Laurie Monk: So what are you doing at the moment?



Aaron Berg: I am, and have been in total seclusion. The internet is my only window to the outside world. I'm in Wisconsin, of all places, and no musical groups that are here are of any interest to me. Most bands here are cover acts, I've been there, and done that. I have a REAL job, but it doesn't fulfill my creative obligation. I have been in direct contact with a female vocalist in Philadelphia, and we'd met on myspace. Barry Bennadetta ( ex- Waysted ) was her main collaborator for eight years there, and she'd had a much similar experience of close calls in the business. We are hitting it off in many more ways than music itself, but Christina has played her recent stuff for me over the phone, and it's really entrancing. I love it, I love her, and in a matter of months I will be there. It is time for me to find a home, get a major label deal, record the works, and tour the world. This is all tangible stuff, and everything is looking very, very good. She is pulling some serious favors, and setting it all up to succeed. She has hundreds of guitar player buddies, but she likes my sound, and spirit. She likens me to Carlos Santana. I find that quite kind of her, and I promise the music to come to be like nothing ever heard before. I'm pushing 40, and I am JUST getting started.

Laurie Monk: I really appreciate you taking the time out to talk about GIT for guitar fans!

You are always most welcome Laurie. Cheerz apb out!

http://www.myspace.com/lanemergess2
www.youtube.com/aaronbergAPB

Yngwie Malmsteen: blue birmingham 2009

Yngwie Malmsteen-Blue Live at guitarfest 2009 Birmingham NIA, 11th July

Yngwie Malmsteen-Blue Live
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Marty Friedman: exhibit b: live in japan dvd




Marty Friedman
Exhibit B: Live In Japan (DVD)

Marty Friedman is an American guitarist (ex-Shrapnel Records recording artist) who is known as the lead guitarist of the thrash metal band Megadeth for ten years, and as a solo artist. He also worked with Jason Becker in the band Cacophony. The Japanese DVD release entitled Exhibit B: Live In Japan. from Marty Friedman, features footage of his performances in Japan in support of his latest album "Loudspeaker". "Loudspeaker" was an almost all instrumental, all aggressive guitar, and an all-out attack! The most aggressive of Friedman's career, according to Marty.

Special DVD features include: Widescreen Presentation, Back Stage Chat With Marty (In Japanese, No Subtitles), PCM Stereo.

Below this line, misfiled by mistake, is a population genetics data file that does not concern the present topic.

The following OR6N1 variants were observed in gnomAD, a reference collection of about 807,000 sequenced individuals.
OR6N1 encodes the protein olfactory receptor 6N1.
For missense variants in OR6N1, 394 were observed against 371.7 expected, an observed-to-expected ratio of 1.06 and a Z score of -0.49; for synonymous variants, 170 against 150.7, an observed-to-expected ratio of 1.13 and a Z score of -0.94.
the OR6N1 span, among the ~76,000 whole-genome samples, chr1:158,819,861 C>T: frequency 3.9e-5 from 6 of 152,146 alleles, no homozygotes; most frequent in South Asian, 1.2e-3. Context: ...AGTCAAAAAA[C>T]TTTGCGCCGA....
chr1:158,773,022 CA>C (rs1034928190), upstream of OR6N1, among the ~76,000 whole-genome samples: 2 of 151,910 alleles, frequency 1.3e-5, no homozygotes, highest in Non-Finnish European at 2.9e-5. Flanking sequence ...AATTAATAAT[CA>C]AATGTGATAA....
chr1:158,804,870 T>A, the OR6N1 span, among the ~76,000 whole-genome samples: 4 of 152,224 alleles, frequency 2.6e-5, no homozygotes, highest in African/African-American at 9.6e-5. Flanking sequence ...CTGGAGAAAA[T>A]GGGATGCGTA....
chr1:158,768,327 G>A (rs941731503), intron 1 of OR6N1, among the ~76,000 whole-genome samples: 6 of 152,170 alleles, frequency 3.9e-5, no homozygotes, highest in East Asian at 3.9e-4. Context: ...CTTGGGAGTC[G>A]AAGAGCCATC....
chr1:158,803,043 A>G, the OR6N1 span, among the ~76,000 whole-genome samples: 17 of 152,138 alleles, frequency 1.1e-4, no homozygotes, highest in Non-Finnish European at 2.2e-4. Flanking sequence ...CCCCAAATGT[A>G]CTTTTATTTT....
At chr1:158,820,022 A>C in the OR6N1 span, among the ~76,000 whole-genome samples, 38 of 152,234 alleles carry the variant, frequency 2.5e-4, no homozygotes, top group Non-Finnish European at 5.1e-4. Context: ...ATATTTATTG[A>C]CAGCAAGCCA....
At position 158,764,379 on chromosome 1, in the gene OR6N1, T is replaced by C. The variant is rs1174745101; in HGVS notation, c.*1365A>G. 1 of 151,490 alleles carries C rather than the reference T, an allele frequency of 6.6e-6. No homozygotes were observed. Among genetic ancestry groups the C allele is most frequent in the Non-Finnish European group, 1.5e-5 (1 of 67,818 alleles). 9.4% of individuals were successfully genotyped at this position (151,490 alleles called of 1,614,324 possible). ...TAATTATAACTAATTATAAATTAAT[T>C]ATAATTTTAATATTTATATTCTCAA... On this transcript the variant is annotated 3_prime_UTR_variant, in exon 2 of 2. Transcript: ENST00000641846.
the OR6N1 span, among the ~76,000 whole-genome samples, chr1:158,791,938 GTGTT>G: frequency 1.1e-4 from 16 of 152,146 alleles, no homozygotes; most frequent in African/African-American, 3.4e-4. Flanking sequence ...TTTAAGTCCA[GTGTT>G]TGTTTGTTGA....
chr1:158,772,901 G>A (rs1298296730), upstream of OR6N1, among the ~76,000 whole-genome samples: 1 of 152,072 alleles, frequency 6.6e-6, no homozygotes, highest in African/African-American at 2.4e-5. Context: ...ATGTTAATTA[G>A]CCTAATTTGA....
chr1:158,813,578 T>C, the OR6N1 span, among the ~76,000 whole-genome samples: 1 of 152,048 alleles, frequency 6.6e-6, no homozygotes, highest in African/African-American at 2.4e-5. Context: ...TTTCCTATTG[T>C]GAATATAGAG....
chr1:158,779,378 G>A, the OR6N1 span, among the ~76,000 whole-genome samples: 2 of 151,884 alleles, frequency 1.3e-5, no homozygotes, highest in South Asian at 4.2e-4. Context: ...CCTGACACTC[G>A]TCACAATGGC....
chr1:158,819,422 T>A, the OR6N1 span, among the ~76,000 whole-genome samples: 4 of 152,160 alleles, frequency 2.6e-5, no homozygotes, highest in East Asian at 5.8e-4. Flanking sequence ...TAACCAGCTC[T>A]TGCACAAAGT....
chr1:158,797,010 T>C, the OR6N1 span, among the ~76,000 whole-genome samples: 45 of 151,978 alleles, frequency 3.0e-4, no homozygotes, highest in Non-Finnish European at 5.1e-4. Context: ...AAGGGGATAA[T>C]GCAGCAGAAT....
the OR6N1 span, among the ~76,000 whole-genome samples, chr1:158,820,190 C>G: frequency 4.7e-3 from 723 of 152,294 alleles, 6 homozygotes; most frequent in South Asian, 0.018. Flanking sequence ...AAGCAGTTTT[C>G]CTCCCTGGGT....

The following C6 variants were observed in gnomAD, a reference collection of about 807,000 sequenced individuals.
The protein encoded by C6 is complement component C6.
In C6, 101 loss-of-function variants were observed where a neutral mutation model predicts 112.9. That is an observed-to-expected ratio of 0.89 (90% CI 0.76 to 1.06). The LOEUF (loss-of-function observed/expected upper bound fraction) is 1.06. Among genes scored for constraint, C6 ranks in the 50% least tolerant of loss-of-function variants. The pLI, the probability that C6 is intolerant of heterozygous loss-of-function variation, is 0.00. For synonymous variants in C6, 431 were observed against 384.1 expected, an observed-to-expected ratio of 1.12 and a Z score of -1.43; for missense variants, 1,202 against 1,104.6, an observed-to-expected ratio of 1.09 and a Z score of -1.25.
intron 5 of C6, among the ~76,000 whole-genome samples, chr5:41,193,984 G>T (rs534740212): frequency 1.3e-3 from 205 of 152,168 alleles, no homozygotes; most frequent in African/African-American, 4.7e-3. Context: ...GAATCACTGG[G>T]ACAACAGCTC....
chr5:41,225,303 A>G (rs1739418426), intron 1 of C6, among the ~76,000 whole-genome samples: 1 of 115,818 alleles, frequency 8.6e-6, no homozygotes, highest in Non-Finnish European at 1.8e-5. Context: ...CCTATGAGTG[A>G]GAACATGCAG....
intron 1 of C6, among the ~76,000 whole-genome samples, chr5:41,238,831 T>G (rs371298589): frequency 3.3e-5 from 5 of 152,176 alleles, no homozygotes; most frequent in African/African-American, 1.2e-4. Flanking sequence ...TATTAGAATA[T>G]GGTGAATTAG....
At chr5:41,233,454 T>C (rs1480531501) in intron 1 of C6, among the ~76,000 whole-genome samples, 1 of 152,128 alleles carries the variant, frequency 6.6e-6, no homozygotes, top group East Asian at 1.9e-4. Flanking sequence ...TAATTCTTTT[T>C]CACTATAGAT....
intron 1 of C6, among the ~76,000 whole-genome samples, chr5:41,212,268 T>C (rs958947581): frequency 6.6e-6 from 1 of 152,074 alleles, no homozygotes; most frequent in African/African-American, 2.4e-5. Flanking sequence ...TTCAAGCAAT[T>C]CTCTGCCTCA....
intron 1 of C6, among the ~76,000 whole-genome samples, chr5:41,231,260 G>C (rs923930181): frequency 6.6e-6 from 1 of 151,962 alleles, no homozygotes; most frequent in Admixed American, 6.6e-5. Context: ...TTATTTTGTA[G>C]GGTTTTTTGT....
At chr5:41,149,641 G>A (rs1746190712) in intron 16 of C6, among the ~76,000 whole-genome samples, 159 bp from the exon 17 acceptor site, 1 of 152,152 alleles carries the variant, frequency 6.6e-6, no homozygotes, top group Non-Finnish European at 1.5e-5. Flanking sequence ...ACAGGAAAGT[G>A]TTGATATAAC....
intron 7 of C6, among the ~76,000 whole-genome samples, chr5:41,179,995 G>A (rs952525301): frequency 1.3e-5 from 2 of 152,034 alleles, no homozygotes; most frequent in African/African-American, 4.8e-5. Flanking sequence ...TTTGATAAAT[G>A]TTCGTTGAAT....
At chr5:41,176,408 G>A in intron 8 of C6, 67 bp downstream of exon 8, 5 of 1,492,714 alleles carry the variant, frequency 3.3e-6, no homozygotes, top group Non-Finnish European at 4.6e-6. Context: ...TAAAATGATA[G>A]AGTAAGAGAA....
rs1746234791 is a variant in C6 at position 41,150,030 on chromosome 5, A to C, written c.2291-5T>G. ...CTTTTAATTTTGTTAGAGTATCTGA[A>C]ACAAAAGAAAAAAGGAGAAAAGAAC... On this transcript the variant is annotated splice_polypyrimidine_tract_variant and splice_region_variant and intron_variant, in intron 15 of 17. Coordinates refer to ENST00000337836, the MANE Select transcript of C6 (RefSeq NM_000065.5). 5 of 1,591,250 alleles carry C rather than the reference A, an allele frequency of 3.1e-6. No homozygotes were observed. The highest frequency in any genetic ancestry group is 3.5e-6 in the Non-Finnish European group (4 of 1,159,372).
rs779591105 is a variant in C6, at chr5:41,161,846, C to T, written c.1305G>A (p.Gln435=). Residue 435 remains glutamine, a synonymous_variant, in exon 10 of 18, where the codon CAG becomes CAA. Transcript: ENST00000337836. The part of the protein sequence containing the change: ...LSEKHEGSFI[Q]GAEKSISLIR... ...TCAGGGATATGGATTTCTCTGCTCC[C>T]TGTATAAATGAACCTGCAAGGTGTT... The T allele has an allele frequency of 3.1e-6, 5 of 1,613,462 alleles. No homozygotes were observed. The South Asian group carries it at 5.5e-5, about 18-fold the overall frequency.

DVD Video, NTSC, Regions: All

The DVD includes the songs "Strange Gods And Suspicious Angels (intro)", "Theme From Namida (Tears)", "Elixir", "Anvils (Celluloid Revenge Ending)", "Gimme A Dose", "Street Demon", "It`s The Unreal Thing", "Fuel Injection Stingray", "Stigmata Addiction", "Devil Take Tomorrow", "Asche Zu Asche / My Oh My (Mutation Medley)", "Paradise Express", "Ripped", "Salt In The Wound", "Cheer Girl Rampage", "Thunder March", "Ballad Of The Barbie Bandits", "Dragon Mistress / Io Che Non Vivo (Senza Te) / Be" and "Hound Dog". Music DVD, 83 minutes

Dave Carroll: united breaks guitars!

What to do if your airline breaks your guitar... don't get mad, get even with the power of web 2.0.

“United Breaks Guitars” from Dave Carroll.

Shani Kimelman: tribute to paul gilbert and greg howe

Some great cover versions from the Israeli based guitartist

Shani Kimelman - After Hours


Racer X -King Of The Monsters (by: Shani Kimelman)

Greg Howe: UZP tour dates

As mentioned previously, Greg Howe tours with Eddie Jobson and Simon Phillips: Greg Howe will be touring the East Coast in August with Eddie Jobson - keys/violin (Frank Zappa and UKZ), Michael Bernier - stick (Stick Men), Marco Minnemann drums (UKZ), and Simon Phillips - drums (Jeff Beck, Pete Townsend, Toto etc.).

Greg will NOT be playing New York; the guest guitarist in New York will be announced shortly. All of the other players will perform all six shows.

MASTERCLASS
DATE LOCATION VENUE
July 28th Toronto, Canada Guitar Workshop Plus
July 29th Toronto, Canada Guitar Workshop Plus
August 18th Boston, MA Berklee College of Music

ULTIMATE ZERO PROJECT
(Greg Howe, Eddie Jobson, Simon Phillips, Michael Bernier, & Marco Minnemann)
DATE LOCATION VENUE
Aug. 17th Vienna, VA Jammin Java
Aug. 19th Arlington, MA Regent Theater
Aug. 20th Philadelphia, PA North Star Bar
Aug. 21st Cleveland, OH Beachland Ballroom
Aug. 22nd Chicago, IL Marty's

COMPETITION: Shred This doing very nicely thank you!



If you're a bit shy want to jam but don't want to be judged just indicate on your entry form... remember you have time to perfect your jam or get the best jam together over a number of days as the Shred This Competition: ends 18:00 GMT August 31, 2009. I will be trying to respond to your entries and remember you can message me on youtube if you are having techincal issues. Now Shred this!

Thanks for all your comments and for those guys who got a video in already.

4 responses, you can see all responses here: http://www.youtube.com/video_response_view_all?v=EQLnqpN3sW4

1,433 views
30 ratings 4.5 stars!

Statistics & Data

News: tim berners lee and the digital revolution